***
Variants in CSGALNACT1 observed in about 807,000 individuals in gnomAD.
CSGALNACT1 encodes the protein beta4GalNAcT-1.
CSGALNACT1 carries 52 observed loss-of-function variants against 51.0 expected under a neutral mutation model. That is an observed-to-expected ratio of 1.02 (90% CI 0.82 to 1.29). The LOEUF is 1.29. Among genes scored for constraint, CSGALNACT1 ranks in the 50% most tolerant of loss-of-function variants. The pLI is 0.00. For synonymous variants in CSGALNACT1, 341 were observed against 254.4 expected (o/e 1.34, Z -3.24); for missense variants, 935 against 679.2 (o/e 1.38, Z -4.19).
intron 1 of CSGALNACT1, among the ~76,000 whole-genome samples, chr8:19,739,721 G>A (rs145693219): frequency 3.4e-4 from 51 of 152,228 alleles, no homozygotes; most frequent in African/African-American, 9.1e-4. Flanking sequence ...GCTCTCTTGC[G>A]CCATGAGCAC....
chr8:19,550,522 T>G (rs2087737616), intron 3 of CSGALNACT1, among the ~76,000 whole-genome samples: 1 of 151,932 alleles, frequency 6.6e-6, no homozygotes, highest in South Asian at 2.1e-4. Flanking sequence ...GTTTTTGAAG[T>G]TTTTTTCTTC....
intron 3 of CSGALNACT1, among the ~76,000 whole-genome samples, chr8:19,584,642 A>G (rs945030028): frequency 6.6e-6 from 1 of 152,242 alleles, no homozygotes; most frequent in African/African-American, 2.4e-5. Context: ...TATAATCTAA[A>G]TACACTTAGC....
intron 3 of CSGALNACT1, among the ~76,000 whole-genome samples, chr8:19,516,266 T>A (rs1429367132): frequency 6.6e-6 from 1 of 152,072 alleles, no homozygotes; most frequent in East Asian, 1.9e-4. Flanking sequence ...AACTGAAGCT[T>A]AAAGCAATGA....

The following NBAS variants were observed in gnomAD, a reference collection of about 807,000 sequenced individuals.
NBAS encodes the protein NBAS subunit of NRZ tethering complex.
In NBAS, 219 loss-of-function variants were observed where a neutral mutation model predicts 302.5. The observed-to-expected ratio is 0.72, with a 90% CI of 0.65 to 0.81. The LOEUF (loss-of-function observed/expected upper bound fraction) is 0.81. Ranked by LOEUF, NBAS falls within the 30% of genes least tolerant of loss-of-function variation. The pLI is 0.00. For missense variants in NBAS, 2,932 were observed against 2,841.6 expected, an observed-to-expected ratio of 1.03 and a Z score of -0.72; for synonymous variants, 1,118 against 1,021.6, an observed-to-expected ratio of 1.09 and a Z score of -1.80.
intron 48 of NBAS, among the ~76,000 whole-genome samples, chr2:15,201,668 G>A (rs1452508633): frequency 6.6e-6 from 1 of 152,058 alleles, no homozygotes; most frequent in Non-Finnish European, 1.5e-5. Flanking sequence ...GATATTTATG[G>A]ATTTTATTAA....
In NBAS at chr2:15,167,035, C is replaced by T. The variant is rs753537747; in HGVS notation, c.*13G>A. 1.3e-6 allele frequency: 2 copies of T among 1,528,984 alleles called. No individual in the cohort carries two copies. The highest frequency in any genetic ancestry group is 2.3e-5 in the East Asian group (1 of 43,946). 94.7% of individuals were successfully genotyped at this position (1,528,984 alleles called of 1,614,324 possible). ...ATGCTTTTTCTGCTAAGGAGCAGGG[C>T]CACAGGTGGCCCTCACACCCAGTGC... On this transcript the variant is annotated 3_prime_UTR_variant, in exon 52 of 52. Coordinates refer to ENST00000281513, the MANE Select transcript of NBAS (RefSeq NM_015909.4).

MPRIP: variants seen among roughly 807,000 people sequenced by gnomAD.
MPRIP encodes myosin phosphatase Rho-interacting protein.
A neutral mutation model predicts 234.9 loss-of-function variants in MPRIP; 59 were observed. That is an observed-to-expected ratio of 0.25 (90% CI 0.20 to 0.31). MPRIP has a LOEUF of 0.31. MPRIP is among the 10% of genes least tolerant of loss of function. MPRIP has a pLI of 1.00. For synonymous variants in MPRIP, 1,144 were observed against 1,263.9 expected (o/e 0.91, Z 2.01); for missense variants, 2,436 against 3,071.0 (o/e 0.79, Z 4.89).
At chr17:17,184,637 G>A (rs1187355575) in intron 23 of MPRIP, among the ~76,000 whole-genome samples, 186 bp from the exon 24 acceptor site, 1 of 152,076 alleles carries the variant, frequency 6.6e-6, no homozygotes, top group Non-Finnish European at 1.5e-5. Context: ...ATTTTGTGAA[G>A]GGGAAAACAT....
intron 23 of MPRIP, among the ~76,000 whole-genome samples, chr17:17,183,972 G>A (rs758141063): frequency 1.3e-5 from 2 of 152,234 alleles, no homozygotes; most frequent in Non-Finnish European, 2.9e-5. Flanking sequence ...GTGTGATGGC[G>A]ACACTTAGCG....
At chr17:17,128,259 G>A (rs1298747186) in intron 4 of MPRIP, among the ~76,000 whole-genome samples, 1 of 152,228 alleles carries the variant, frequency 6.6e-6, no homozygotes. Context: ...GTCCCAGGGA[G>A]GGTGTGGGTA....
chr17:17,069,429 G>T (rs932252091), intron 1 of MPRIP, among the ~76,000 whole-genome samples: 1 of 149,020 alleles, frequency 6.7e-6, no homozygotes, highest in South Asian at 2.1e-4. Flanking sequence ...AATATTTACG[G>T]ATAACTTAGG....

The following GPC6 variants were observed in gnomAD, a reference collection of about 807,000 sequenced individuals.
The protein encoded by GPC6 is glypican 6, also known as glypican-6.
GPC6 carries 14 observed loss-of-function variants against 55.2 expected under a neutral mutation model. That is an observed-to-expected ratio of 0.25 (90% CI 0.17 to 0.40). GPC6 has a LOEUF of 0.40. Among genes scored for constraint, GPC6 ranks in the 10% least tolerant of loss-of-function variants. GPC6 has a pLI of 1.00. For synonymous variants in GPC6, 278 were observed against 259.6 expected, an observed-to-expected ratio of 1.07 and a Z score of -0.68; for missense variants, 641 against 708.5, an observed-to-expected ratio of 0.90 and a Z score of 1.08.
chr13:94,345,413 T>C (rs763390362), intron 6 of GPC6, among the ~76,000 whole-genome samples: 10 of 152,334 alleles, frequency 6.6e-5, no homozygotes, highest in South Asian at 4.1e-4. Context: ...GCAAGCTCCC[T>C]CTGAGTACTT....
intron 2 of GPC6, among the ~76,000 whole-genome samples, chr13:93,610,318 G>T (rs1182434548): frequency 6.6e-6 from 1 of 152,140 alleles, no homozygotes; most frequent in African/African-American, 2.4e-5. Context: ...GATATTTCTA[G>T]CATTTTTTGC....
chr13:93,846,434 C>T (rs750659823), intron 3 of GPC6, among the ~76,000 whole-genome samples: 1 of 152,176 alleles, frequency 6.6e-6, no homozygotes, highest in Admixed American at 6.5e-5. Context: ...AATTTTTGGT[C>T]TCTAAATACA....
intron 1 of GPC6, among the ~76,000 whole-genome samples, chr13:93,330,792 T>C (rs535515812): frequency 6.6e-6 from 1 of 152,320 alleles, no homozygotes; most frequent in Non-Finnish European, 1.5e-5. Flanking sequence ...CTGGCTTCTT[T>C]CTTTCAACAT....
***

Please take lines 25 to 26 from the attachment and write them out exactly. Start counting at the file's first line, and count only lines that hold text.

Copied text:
chr13:93,846,434 C>T (rs750659823), intron 3 of GPC6, among the ~76,000 whole-genome samples: 1 of 152,176 alleles, frequency 6.6e-6, no homozygotes, highest in Admixed American at 6.5e-5. Context: ...AATTTTTGGT[C>T]TCTAAATACA....
intron 1 of GPC6, among the ~76,000 whole-genome samples, chr13:93,330,792 T>C (rs535515812): frequency 6.6e-6 from 1 of 152,320 alleles, no homozygotes; most frequent in Non-Finnish European, 1.5e-5. Flanking sequence ...CTGGCTTCTT[T>C]CTTTCAACAT....